His first solo outing after Stories' 1973 album Traveling Underground on Buddah, a disc that was labeled Ian Lloyd & Stories, this self-titled recording features Stories' guitarist Steve Love along with the guitar man from Foreigner, Mick Jones. Lloyd is in his best Rod Stewart voice -- even looking a bit like a young Stewart on the cover. For the most part this is a good recording, but Love and Lloyd definitely lost the groove they had with Stories three years earlier, and it would be three years until Goose Bumps would materialize on Scotti Brothers, where Stories producer Richie Wise did A&R duties. Ian Lloyd originals like "I'll Give You Love" and "Lonely Dancer" tend to sound like jams, and the shame of it is that "I'll Give You Love" had the potential to sound like a nice outtake from Paul McCartney's Ram album. The pull of hard rock was a leaning that took away from Ian Lloyd's fan base, and solo collaborations with Michael Brown of the Left Banke would have been more welcome by original fans than pairings with musicians from Foreigner. Having said that, it's a bit of a paradox when Mick Jones sole songwriting contribution, "One More Chance (Sha La La)" almost sounds like the Small Faces, down to the Steve Marriott vocal. By the time Goose Bumps came along, things would get more focused. Jimmy Mack's "Let Me Down Easy" is one of the album's highlights, with Ian McDonald's saxophone a tasty supplement to Lloyd's sensitive and wonderfully warm performance. Most of the material on Ian Lloyd is written by producer Gregg Diamond and the singer, and fails to reach the heights of the two songs by Jimmie Mack and Mick Jones. "Sensations" sure tries, and it is nice to have Steve Love and Mick Jones collaborating on guitars and backing vocals, a terrific hook in need of a more melodic verse, but lovely guitar lines provide a pretty balance which is consistent across both sides of this album. It's really not a bad recording at all, but with label changes and the momentum of "Brother Louie" long gone, this album really had less of a chance to shine. It definitely needed stronger material, something they successfully addressed on Goose Bumps; covering more Hot Chocolate or the Left Banke would have been advisable for this first solo outing which, despite the flaws, has real merit.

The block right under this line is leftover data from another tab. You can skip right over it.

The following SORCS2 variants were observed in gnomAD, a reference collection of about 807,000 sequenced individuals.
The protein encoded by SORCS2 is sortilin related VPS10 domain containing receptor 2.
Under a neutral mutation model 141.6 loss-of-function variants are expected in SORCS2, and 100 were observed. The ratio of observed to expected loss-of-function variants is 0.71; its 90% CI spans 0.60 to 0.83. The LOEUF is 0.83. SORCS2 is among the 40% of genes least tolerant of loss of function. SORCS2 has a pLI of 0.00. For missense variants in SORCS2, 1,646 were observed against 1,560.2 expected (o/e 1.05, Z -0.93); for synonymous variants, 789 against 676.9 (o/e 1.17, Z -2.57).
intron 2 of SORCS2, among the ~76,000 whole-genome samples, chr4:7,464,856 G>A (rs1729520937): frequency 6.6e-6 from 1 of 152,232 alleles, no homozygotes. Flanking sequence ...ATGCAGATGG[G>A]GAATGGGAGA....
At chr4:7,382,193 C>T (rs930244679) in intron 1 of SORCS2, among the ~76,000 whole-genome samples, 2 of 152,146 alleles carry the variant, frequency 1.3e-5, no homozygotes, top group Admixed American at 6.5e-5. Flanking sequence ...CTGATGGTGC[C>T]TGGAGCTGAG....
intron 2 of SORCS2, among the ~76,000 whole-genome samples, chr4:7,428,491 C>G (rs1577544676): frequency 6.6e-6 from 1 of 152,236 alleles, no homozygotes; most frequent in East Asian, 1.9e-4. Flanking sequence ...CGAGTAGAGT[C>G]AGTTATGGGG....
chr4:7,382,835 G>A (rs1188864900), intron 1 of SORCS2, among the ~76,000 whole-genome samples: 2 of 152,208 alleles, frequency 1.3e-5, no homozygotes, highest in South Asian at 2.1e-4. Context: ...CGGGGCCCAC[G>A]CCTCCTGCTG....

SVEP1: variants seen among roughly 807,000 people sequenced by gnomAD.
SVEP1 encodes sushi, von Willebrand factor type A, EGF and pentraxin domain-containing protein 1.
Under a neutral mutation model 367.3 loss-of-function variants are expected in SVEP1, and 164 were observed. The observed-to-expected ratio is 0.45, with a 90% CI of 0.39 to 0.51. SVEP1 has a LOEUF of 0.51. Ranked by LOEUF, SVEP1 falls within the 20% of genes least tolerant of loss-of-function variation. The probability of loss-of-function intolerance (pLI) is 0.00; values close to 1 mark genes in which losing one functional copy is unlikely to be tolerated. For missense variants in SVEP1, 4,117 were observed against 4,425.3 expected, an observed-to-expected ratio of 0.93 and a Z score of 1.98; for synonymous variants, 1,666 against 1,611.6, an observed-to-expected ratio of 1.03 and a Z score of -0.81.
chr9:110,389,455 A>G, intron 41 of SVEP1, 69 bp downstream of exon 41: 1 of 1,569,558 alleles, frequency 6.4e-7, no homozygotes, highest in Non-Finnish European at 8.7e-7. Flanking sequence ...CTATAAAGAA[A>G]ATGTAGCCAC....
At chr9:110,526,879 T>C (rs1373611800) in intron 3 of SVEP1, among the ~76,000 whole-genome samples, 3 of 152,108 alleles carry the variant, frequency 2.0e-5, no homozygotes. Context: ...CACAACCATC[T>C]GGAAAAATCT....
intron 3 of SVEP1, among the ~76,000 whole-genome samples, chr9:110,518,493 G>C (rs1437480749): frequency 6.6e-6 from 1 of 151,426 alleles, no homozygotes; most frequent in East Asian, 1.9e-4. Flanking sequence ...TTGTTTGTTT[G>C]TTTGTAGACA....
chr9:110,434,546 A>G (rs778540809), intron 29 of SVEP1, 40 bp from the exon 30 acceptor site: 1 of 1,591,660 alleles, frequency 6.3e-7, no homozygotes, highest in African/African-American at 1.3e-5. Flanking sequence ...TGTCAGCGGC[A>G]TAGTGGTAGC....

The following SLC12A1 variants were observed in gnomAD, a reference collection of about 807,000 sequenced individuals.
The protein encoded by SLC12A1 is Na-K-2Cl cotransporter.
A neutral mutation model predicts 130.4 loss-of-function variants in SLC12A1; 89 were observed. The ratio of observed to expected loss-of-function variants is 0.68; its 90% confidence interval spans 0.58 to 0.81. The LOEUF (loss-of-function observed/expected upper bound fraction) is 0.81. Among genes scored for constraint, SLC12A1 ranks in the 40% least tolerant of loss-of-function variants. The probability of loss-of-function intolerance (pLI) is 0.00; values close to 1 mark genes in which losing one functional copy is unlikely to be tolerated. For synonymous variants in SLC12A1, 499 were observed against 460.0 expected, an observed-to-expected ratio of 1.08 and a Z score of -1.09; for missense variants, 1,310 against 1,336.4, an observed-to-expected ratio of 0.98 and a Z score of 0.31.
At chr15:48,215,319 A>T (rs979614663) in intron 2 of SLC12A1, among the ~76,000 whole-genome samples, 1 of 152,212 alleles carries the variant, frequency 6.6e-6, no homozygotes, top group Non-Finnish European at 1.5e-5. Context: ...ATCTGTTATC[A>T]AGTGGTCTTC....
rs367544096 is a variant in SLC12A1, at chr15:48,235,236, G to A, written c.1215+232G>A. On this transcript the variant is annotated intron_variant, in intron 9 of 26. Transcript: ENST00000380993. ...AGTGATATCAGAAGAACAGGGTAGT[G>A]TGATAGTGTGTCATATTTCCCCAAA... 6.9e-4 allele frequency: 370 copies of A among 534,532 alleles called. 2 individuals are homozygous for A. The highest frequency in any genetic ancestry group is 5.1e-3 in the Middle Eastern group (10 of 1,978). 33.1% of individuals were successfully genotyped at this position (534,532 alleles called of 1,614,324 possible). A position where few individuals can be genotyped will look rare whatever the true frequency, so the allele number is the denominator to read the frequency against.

AllMusic Review by Joe Viglione